From someone with a collectors slant on gardening bits...since you requested comments...

    Jim Hanger

  2. Anonymous7:50 AM

    Hi Tim:

    I'm really enjoying your Modern Day Plant Hunter messages. While I agree that there may appear to be too many choices and I also agree with your criteria, I suggest you add a couple. Namely drought tolerance and field trials. Water shortages are a concern here in Canada and I've read it will be a great concern throughout much of the US. Field trials don't seem to be done anymore. We both know hybridizers with dollar signs in their eyes who rush plants to market without care for important issues like virus indexing.

    My customers want to know HOW to grow a plant and WHAT to combine it with. They want to know about soil preference, light, and watering requirements.

    I confess that Gardenimport is more guilty than most for offering NEW plants, bulbs, seeds, etc. (we have 150 new introductions in total this Spring), but it IS our 25th anniversary.

    The overabundance of NEW is more of an issue in the retail environment than catalogue. We have the luxury of space to inform and photos to illustrate NEW to our customers in the comfort of their own homes.


  3. Anonymous11:31 AM

    I've been thinking of the very same topic. How can an ordinary gardener pick and choose among the overwhelming number of plants on the market. It's enough to make anyone dizzy! I'm thinking of writing a column about this. May I quote you in my column, and offer your check list?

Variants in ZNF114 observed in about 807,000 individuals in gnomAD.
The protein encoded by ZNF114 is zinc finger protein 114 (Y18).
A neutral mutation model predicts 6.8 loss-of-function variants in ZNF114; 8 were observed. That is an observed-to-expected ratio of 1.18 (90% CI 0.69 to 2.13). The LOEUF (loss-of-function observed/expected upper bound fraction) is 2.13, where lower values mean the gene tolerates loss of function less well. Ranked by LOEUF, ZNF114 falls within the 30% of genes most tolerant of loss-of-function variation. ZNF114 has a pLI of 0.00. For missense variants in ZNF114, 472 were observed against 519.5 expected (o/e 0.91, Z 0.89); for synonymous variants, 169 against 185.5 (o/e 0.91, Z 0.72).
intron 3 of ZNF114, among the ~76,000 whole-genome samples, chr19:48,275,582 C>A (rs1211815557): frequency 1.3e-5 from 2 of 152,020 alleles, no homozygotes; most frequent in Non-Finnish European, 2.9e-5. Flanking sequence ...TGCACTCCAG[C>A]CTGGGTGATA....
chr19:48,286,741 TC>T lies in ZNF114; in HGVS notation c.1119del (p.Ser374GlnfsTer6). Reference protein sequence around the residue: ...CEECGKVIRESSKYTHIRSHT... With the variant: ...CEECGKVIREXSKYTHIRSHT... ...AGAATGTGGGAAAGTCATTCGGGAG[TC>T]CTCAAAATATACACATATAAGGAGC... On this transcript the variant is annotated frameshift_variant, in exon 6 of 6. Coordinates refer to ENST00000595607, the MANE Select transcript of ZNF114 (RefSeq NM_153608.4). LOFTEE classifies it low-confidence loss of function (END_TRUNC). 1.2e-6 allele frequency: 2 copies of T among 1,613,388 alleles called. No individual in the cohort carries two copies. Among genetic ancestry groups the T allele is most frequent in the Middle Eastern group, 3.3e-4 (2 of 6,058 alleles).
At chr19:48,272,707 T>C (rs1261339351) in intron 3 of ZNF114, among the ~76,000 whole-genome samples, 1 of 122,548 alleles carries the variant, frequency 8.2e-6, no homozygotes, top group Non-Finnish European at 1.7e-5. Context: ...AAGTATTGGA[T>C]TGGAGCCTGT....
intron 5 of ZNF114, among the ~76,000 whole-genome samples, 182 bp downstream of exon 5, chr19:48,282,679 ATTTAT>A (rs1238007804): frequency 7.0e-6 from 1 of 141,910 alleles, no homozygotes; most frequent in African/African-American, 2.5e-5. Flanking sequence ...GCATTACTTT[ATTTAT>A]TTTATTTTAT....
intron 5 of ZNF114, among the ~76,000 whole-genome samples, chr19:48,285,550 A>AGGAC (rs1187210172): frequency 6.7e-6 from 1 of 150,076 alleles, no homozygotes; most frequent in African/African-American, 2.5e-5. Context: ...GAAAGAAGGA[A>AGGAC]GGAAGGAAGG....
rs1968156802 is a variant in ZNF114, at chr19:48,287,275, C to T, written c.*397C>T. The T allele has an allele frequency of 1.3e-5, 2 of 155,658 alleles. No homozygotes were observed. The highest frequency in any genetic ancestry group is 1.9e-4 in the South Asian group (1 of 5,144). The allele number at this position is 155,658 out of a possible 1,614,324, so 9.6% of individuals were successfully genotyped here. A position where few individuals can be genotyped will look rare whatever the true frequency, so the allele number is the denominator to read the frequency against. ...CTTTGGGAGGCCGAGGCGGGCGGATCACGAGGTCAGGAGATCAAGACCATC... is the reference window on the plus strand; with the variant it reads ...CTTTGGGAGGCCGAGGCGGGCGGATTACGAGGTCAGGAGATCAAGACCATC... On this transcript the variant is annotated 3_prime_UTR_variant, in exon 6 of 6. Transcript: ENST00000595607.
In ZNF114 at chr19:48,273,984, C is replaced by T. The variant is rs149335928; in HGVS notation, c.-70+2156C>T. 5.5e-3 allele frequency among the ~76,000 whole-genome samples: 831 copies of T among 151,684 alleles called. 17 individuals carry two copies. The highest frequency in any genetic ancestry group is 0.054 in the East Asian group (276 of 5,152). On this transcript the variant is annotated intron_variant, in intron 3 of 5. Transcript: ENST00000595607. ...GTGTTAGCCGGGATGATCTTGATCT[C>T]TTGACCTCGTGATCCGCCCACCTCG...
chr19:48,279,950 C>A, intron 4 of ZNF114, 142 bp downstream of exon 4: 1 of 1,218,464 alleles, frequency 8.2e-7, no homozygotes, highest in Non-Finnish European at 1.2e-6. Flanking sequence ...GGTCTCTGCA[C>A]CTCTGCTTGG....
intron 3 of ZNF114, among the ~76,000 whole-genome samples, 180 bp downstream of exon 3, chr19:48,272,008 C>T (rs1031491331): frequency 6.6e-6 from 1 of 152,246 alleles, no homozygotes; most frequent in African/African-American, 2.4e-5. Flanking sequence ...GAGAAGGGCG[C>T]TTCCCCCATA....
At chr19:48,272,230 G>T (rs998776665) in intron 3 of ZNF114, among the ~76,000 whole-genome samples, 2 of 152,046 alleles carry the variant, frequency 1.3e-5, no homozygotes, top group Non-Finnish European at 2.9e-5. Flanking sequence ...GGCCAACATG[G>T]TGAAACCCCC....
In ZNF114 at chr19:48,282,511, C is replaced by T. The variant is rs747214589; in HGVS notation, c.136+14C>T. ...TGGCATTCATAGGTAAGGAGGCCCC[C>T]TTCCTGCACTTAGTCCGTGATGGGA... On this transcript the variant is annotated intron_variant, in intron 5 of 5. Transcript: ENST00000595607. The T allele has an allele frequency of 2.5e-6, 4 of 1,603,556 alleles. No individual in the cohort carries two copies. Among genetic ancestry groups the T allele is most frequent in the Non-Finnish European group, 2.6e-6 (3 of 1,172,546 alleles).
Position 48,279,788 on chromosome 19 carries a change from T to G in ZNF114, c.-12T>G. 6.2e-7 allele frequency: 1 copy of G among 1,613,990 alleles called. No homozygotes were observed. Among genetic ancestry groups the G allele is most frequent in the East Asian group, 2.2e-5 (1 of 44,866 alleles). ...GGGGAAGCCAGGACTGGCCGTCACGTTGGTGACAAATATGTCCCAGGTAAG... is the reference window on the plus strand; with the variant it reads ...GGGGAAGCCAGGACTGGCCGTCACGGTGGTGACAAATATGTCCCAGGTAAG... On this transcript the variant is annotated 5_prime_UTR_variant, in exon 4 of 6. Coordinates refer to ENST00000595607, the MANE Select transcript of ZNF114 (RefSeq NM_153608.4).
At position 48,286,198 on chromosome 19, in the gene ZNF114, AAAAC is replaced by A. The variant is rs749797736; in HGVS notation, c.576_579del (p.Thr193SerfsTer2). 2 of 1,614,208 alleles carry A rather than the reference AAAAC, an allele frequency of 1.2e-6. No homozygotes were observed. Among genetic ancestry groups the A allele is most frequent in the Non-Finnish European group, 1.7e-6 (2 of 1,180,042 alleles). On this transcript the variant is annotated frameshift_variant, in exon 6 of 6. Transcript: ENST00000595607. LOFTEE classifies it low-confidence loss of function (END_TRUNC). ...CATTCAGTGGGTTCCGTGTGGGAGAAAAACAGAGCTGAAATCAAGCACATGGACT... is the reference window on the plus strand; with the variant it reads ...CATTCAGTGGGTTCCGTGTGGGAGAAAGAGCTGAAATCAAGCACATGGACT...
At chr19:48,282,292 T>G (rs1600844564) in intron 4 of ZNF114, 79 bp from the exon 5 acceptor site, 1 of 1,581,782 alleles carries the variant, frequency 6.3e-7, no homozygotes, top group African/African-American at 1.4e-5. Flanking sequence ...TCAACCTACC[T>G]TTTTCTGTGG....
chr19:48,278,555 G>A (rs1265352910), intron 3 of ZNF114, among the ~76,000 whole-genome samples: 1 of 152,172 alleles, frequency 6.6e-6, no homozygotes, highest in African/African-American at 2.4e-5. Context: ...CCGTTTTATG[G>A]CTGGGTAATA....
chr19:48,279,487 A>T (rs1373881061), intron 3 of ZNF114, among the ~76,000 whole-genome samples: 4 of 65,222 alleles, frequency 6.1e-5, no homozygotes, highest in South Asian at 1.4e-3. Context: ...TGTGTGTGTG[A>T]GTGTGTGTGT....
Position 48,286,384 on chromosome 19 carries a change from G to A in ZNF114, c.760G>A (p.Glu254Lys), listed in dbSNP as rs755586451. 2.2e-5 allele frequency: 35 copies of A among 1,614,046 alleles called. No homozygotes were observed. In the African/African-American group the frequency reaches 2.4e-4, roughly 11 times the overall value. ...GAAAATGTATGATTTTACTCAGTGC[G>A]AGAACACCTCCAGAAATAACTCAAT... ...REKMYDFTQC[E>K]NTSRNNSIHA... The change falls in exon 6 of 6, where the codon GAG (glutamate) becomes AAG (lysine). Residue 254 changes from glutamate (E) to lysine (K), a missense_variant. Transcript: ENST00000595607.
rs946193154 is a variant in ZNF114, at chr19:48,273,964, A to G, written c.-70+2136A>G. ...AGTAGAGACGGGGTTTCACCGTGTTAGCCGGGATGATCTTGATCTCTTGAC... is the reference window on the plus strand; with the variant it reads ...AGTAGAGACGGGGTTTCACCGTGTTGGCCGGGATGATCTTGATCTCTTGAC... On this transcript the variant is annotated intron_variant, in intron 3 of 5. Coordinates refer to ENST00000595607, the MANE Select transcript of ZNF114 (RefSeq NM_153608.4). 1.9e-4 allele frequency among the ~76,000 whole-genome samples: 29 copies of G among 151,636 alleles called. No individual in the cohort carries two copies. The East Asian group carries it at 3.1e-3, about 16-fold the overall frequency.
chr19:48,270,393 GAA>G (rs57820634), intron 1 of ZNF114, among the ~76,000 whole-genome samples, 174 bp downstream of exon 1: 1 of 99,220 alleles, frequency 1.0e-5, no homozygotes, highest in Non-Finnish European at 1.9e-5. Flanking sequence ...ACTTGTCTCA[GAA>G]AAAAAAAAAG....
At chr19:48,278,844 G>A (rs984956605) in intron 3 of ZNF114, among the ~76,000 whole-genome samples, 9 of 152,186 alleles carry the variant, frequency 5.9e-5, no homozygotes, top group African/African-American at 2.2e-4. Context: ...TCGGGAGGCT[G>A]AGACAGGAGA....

I especially like your last point, plants that connect with your emotions. I think that's really at the heart of gardening. A plant has to speak to me for me to choose it, and some plants, no matter how trendy they are, just don't do anything for me. Another point I would add to the check list is to talk to other gardeners in one's own climate to find out which plants do well for them. There are many plants that perform well in other regions, but not in the rainy Pacific Northwest, and I find it helpful to find which roses, for example, like our wet winters.

    If I may quote you, what is your title in the plant world?

    Thanks very much.

    Barbara Blossom Ashmun

  4. Anonymous5:56 PM

    Hey Tim - I'm lucky enough to have had 4 sides of the equation - wholesale, retail, writer, and most importantly gardener.

    From the wholesaler side - you need the "new" stuff to help your create an important differentiation - you're the nursery that has the "good" stuff. Retailers use the new plants to make themselves different than the box stores.

    We poor writers need copy. It's pretty boring to cover "old" plants over and over. :-) What? You want me to cover your marketing plans for all those "old" plants? C'mon. :-) New is sexy.

    My garden-readers tell me they want it to bloom for a long time. Want it to have season-long interest. Want it fragrant. Cast-iron hardy to USDA zone 2 and heat and salt tolerant for the South. No insects will eat it so we don't need pesticides and the leaves shrub off disease. Want a short version as well as a climbing and taller shrub form.

    Oh yeah. They don't want their neighbors to have it.

    Any other questions - call me. :-)

  5. Interesting post. But I do wince at the term "yard decorating." I'm sticking with gardening.

  6. Anonymous9:48 AM


    I do agree with you. I wish there were more heavy flowering ground covers such as Allysum and Bacopa because they are easy to care for, fill in between any plant and deliver a long season of color without much maintenance.
    That's my two cents.



Thank you for your comments.

Please know that I delete spam and SEO back-links and will call you out as a spammer if you attempt to use this blog to promote your website, business or whatever else you are selling. Please respect this blog.